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How To Find An App Developer For Under $1000

Finding an app developer can be a daunting task to say the least. Some may luck out and find a programmer right away, and others may run through many programmers before they find some luck. We’ve had the joyful experience of working with several developers in our journey including some good and some bad. In this post I want to highlight a few pointers that I wish I had known before I started down this road.

Why outsource?

You have really two options when you plan to make an app. You can A) code it yourself, or B) hire a qualified developer. As you know, I have no technical background and can’t even comprehend how to write a simple line of code. I simply do not have the time or drive to learn the fundamentals of programming.

This leaves me with no choice but to hire someone to help make my vision come to life. The question now remains: should I hire local talent or look overseas? Personally, I’ve outsourced lots of things overseas in addition to app development and have always had good success once I found the right person for the job.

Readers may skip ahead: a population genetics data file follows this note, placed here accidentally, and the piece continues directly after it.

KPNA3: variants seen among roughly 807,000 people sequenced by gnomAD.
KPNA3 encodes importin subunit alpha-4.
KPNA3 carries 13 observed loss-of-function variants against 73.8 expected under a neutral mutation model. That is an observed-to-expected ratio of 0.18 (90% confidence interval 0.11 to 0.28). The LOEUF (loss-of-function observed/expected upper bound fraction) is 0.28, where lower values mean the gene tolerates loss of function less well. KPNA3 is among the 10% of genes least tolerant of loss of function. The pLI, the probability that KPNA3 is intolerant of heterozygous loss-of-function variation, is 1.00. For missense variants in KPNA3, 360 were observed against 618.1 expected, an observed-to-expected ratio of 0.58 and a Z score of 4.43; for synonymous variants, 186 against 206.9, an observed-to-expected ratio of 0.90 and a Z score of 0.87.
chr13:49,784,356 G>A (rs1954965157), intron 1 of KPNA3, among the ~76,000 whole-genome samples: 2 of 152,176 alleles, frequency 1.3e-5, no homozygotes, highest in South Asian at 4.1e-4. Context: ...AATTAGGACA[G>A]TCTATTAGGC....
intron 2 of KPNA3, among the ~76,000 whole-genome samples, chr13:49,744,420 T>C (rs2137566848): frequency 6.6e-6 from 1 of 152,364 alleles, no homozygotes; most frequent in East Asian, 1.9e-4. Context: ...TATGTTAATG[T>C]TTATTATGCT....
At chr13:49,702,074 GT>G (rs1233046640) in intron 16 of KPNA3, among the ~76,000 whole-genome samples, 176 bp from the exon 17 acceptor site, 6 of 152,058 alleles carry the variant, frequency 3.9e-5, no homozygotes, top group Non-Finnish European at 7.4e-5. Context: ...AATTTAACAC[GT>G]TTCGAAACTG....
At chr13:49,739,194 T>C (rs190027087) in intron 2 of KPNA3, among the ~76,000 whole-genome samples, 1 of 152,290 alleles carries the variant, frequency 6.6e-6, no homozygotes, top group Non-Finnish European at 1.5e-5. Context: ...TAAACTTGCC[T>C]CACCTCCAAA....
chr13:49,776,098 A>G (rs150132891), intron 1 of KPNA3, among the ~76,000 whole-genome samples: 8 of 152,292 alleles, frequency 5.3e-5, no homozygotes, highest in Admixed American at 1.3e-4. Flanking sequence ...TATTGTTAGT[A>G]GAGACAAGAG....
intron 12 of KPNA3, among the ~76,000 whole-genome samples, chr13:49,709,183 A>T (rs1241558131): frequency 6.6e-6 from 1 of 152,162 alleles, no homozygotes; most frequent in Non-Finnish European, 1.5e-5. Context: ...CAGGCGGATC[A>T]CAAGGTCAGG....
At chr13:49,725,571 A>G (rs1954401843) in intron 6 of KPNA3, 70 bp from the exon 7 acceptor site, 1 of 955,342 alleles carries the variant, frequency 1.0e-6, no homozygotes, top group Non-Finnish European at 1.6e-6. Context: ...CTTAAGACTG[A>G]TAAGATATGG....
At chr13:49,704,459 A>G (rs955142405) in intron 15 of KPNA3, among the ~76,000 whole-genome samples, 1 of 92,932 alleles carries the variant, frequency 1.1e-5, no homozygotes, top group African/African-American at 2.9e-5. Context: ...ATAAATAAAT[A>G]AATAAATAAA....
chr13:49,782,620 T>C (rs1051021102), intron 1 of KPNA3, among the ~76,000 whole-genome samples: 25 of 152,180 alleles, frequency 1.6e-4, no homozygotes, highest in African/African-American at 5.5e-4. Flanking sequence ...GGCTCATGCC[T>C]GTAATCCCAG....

There might be some negative stigma about not supporting the local economy and what not but at the end of the day, a business operates on maximizing efficiency and an easy fix for that is cutting expenses. Developers overseas are often more than qualified for the job and cost upwards of 2-3x cheaper than a local USA equivalent. Obviously there are trade offs and obstacles you must face and we’ll cover that later.

Where to hire an app developer